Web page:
Saturday, September 23, 2023


Reader says: ‘Campgrounds should be under investigation for price gouging’

RV sales have slowed and fewer people are buying RVs than has been the recent trend. Has that changed campground crowding? Is it easier to find a campsite now, particularly in state and national parks? Campgrounds are changing and evolving, some for the better and some for the worse. RV Travel readers discuss their experiences and offer a few tips to help other campers find that perfect spot.

Here are a few observations from our readers.

Campgrounds and RVs are far superior to the “good ol’ days”

Bob L. has been RVing for a long time and sees a lot of improvements in RVs and campgrounds. He writes, “I’ve been an RVer most of my adult life, over 50 years. I find campgrounds to be far superior to what they used to be. When I started, ‘big rig’ was defined as anything more than 32′ long. Today, Class C motorhomes are longer and fifth wheels are like small houses. The rigs themselves now include equipment to make living day to day easier, and I never remember such luxury as an inverter even available until the 1990s.

“While it is much more expensive, I find this lifestyle very possible now in my 70s. Even at this advanced age, I find the RV lifestyle exciting and adventurous. I look forward to my next adventure, even though it may include laundry service, concrete parking, full hookups… all things not even available when I started. So, while boondocking is still very pleasing, having these rigs and comforting amenities at campgrounds keep us older folks out there.”

Campground sold and everyone was kicked out

Beverly S. tells us what the change in ownership did to the RV park she was at. She says, “It’s getting worse in our area. Randolph, Cleburne counties, Alabama. Most private owned
RV campgrounds are crowded. Ours wasn’t, but the price would go up every year when we tried to pay. Now, it has been sold. We all have been kicked out. Renovation for two years. Concrete pads, paved roads, playground, laundry, restrooms, etc. Lots will start at $5K. Most renters are older. Can’t afford. So sad.”

Campground owner and RVer sees both sides of the story

Katie D. is a campground owner and sees her utilities and insurance prices soaring as well as campground rates. She says, “I am not only an RVer, but I also own a campground. I see both sides to this story. As far as cost and raising prices; our utilities and insurance have doubled in the last six years. Our sites are all $50 and under. We do not like raising prices, but with the huge RVs with two air conditioners and washer/dryer units, our electric bills are killing us. We have 20 seasonal sites and 46 daily, along with five cabins. Our park is very busy but not packed-in like other parks. I think that people should try to understand that owning a park is hard work. It’s stressful and expensive—give the owners a break.”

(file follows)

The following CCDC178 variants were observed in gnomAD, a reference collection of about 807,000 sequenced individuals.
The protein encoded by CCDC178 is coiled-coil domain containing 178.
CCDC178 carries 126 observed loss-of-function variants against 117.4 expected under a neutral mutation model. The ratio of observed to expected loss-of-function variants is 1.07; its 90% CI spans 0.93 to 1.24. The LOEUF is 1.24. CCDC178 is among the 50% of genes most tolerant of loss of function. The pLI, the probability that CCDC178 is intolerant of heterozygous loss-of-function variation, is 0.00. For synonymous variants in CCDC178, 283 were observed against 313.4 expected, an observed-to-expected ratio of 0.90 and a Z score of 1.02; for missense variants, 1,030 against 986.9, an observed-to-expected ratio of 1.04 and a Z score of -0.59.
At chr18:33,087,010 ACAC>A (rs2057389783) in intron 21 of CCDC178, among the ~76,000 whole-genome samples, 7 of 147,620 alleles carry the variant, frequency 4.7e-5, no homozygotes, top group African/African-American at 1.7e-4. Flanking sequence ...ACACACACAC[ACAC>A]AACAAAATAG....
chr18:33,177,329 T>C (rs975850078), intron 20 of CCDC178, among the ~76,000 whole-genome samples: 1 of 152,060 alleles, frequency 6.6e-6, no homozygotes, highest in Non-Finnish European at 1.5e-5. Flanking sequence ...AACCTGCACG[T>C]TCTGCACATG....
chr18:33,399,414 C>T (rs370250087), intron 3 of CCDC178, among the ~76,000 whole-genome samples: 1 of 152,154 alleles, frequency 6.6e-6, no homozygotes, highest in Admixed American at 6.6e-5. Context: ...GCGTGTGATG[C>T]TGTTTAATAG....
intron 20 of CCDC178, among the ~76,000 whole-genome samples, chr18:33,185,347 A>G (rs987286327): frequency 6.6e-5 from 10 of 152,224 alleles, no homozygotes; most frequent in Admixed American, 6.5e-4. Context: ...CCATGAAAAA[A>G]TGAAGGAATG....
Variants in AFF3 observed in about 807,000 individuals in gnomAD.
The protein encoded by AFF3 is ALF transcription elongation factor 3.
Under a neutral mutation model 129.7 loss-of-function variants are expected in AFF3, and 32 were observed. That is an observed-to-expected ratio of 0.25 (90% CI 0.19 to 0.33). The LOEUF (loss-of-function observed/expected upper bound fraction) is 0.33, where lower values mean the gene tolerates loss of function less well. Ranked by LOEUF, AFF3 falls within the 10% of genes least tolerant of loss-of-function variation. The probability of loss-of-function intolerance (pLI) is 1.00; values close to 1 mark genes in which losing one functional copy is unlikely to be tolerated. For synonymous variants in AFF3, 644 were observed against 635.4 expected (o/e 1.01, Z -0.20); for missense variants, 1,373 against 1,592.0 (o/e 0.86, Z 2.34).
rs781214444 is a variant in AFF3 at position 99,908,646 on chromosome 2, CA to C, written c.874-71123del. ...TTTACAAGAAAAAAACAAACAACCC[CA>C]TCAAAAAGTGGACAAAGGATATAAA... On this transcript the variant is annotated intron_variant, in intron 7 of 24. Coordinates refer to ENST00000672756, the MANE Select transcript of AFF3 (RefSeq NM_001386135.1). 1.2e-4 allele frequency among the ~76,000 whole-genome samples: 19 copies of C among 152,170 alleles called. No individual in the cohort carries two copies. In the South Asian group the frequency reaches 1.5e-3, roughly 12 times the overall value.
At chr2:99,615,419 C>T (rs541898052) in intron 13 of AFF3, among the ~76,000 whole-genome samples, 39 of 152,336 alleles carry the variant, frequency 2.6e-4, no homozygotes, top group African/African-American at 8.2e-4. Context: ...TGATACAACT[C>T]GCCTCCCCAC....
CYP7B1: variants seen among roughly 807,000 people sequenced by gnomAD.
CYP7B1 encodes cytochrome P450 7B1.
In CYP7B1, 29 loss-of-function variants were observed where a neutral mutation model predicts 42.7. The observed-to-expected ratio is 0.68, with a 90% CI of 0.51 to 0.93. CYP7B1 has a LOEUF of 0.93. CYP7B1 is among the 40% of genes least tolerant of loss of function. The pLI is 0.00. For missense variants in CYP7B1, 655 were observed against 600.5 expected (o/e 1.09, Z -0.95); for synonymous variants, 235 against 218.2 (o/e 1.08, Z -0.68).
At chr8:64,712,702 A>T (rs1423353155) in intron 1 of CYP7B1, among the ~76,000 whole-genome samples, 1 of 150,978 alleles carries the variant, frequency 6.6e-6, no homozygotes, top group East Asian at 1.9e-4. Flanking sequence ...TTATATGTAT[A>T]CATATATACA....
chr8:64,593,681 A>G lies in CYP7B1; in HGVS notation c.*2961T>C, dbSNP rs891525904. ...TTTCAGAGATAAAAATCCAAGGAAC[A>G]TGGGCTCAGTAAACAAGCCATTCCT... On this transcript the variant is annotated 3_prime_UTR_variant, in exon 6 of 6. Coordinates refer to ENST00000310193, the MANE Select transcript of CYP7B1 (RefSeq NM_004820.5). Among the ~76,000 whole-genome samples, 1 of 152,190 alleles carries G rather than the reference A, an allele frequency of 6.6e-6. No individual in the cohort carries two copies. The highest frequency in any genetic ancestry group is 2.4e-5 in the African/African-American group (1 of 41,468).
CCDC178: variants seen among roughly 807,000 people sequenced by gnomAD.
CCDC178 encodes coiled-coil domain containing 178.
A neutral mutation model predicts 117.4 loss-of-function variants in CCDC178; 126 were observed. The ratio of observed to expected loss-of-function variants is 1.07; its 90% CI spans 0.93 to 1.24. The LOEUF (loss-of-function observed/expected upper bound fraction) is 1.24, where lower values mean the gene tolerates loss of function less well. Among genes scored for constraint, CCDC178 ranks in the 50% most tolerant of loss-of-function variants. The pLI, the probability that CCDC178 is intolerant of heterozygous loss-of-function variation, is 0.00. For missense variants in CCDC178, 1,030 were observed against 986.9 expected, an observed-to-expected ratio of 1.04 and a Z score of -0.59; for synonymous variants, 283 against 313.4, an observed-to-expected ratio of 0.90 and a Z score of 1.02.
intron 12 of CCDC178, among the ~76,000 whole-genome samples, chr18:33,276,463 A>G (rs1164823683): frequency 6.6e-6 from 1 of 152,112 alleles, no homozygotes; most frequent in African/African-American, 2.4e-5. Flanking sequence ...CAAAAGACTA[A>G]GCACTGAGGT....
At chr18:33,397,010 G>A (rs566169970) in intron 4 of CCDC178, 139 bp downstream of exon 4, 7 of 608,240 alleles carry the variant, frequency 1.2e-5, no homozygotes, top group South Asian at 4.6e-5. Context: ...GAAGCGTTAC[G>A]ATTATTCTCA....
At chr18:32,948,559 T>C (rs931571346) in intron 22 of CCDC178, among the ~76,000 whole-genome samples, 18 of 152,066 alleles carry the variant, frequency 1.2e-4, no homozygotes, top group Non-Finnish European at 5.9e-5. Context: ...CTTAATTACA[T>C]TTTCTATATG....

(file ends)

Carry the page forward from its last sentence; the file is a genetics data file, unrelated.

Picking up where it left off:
Investigate public and private campgrounds for price gouging

Katherine R. has seen monthly RV lot rents double and is asking someone to investigate. Here are her thoughts: “I honestly think that the public and private campgrounds should be under investigation for price gouging. All of this high demand for camping space and lot rent has jumped up since C-19. When I first bought a travel trailer, rent was at $415 before Covid-19 and as of 2023 rent has jumped up to $899. And mind you, it is just 30 amps. It’s over $1,000 a month if it’s 50 amps.

“People bought RVs due to the fact Covid-19 had people losing their homes and, in most cases, jobs. Where was the government assistance for the campers to survive? I live in a year-round campground for seven years and just found out that Virginia will not let you buy land and then live on it in your RV. WTH? You’re paying TAXES on land you own but the state tells you you can’t live in an RV and you’re still paying TAXES to the city. Everyone winning except the ones that need to survive.”

Editor’s note: When checking laws in Virginia, I found a number of different views. Some were no problem, others said okay but only with septic installed, and others were more along the lines of yes, you can park but don’t you dare live in it! Always check local laws and ordinances before buying land and planning to live on it.

Dream of retiring and traveling now only a dream

Leslie E. is seeing their dream of travel being eroded by rising prices. It used to be affordable. She says, “We are retired, meaning I want to travel. I don’t want to be tied down to having to make reservations months ahead of time. I want the freedom to be able to stay somewhere if we find something of interest or move on down the road. Camping used to be an affordable family experience. Now with the high cost of campgrounds, most families can only afford a couple of days compared to the week it used to cost. $40 a night adds up to $1,200 a month. Most places now are $60 and higher. State and county parks that were affordable are no longer. The dream we had of retiring and traveling our beautiful country is becoming only a dream now.”